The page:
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Should Up-Skirting Be A Criminal Offence?

It is in the UK.

The CEO of the Dublin Rape Crisis Centre has called for the introduction of legislation to make upskirting a criminal offence.

Earlier this year, upskirting, which is the practice of taking unauthorised photographs under a woman's skirt or man's kilt, was made a criminal and sexual offence in England and Wales. The new legislation will see offenders face up to two years in jail.

CEO Noeline Blackwell says our legislation needs to catch up with technology.

"As it stands right now, this remains wrong and harmful but really difficult for the police to find a way to prosecute it or to hold anyone to account," she said.

"A message has to be sent out by society that it's not tolerated, you do that through legislation."

Back in 2017, then-Tánaiste Frances Fitzgerald also set out to make upskirting a criminal offence. During this time, Fitzgerald also confirmed plans to legislate stalking, including cyberstalking, and revenge porn criminal offences. 

The Minister for Justice and Equality went on to welcome the passage of the Criminal Law (Sexual Offences) Bill 2015 in February 2017 through both Houses of the Oireachtas in a landmark case for sexual offences legislation in Irish government. 

"This is one of the most comprehensive and wide-ranging pieces of sexual offences legislation ever to be introduced and has been a priority for me as Minister for Justice and Equality," Fitzgerald said, on its passing.

"It is an essential piece of legislation that brings additional protections to some of the most vulnerable people in our community. It contains the right laws for these times, laws that will protect victims of the most vicious and depraved crimes.

"The provisions of this Bill enhance and update laws to combat the sexual exploitation and sexual abuse of children. It widens the range of offences associated with child pornography to ensure that no one who participates in any way in the creation, distribution, viewing or sharing of such abhorrent material can escape the law.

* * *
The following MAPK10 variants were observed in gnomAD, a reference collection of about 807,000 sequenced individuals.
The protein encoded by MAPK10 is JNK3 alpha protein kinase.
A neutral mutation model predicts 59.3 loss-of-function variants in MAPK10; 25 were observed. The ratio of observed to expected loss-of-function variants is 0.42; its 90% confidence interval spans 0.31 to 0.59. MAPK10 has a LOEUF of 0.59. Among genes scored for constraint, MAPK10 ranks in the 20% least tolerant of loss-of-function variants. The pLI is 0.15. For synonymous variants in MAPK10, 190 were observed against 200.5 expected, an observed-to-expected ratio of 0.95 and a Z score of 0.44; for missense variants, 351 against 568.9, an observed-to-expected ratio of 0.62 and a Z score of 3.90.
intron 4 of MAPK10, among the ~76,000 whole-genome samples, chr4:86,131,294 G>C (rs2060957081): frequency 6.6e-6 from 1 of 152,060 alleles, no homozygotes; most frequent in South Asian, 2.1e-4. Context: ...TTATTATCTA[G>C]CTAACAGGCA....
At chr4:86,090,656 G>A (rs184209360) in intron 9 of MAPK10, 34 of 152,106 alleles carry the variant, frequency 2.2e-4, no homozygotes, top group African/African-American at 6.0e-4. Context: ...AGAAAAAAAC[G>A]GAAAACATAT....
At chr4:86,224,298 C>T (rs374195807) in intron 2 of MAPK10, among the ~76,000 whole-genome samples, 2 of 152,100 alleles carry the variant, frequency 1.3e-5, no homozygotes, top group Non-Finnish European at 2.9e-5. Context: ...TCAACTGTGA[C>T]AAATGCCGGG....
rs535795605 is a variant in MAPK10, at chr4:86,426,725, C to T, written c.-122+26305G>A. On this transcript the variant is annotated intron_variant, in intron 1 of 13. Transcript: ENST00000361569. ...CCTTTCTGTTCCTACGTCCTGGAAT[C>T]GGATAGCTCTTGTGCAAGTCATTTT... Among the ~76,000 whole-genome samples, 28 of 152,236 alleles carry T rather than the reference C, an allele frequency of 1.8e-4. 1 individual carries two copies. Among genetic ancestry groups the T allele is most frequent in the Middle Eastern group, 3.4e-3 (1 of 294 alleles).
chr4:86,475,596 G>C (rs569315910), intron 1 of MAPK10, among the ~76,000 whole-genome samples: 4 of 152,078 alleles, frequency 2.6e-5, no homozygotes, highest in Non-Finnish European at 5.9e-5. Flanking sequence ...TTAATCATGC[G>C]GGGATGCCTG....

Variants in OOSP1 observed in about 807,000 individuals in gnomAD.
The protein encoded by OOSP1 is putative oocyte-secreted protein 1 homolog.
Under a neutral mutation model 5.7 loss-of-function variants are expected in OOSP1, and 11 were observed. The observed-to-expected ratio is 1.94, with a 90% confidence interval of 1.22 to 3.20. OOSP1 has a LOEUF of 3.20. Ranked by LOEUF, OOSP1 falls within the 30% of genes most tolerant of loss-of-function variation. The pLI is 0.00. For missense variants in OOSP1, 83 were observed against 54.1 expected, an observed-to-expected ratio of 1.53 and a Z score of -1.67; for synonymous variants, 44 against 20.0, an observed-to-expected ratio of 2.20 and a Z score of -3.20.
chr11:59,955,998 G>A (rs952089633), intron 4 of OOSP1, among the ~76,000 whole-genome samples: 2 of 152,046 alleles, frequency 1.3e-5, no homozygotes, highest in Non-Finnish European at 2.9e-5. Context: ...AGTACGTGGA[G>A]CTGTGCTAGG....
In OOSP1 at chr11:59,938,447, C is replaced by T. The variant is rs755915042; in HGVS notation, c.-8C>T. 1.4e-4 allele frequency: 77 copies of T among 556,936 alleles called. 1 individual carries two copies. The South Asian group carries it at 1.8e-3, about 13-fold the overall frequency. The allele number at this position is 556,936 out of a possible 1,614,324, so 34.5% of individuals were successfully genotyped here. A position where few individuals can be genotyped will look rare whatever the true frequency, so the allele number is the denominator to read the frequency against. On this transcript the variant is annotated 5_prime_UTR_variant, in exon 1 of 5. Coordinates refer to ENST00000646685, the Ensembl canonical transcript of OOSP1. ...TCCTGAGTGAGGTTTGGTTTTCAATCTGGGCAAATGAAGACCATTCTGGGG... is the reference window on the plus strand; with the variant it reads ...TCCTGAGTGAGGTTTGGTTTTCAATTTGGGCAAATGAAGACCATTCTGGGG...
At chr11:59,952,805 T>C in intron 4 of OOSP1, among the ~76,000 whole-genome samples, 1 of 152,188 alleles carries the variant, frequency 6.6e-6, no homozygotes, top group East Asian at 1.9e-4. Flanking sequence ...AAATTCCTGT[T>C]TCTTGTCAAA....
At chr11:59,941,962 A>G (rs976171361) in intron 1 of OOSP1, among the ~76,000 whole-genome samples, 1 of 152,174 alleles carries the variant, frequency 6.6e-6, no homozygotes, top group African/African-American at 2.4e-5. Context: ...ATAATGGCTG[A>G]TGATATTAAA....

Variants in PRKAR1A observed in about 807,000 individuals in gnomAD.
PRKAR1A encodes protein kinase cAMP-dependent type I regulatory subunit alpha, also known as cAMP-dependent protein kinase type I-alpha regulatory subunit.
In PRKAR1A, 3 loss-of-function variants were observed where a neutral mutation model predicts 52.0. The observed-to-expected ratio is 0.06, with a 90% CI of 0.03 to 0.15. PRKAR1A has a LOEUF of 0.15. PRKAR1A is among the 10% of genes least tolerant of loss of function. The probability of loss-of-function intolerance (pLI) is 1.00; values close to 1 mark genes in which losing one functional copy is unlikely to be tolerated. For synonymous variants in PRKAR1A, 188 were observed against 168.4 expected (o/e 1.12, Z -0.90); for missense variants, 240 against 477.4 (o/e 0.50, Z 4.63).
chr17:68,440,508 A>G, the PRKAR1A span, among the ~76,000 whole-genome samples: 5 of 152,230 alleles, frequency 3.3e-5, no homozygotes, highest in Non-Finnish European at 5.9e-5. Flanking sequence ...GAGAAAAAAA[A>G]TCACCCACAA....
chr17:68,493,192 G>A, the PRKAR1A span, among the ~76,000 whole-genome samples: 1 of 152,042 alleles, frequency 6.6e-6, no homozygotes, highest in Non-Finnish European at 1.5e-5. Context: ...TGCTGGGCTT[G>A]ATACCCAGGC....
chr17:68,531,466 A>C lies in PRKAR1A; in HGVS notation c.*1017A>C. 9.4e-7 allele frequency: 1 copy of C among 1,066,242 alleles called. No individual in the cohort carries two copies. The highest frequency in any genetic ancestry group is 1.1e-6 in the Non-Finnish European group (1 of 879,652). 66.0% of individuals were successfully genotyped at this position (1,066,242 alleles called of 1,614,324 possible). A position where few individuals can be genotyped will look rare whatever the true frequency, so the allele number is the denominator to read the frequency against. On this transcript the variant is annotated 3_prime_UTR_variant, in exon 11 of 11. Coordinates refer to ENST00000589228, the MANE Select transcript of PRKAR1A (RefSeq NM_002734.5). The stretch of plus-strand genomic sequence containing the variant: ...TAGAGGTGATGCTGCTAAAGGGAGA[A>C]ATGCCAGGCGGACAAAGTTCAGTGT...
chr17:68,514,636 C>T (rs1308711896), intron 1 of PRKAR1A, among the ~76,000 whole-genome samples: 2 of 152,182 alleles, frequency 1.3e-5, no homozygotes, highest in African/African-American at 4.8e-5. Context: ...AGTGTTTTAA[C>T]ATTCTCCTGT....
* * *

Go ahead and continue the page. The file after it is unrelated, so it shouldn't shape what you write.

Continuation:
"Also, the Bill provides greater clarity in relation to the definition of sexual consent for the first time," she concluded. 

The Criminal Law (Sexual Offences) Bill 2015 contains:

· New criminal offences to protect children against grooming;

· New measures to protect children from online predators;

· New and strengthened offences to tackle child pornography;

· New provisions to be introduced regarding evidence by victims, particularly children;

· New offences addressing public indecency;

· A provision in relation to harassment Orders to protect victims of convicted sex offenders;

· Provisions maintaining the age of consent to sexual activity at 17 years of age and for a new “proximity of age” defence;

· A provision to criminalise the purchase of sexual services;

· A statutory statement of the law as regards consent to sexual acts.

Main image by @90sanxiety on Instagram

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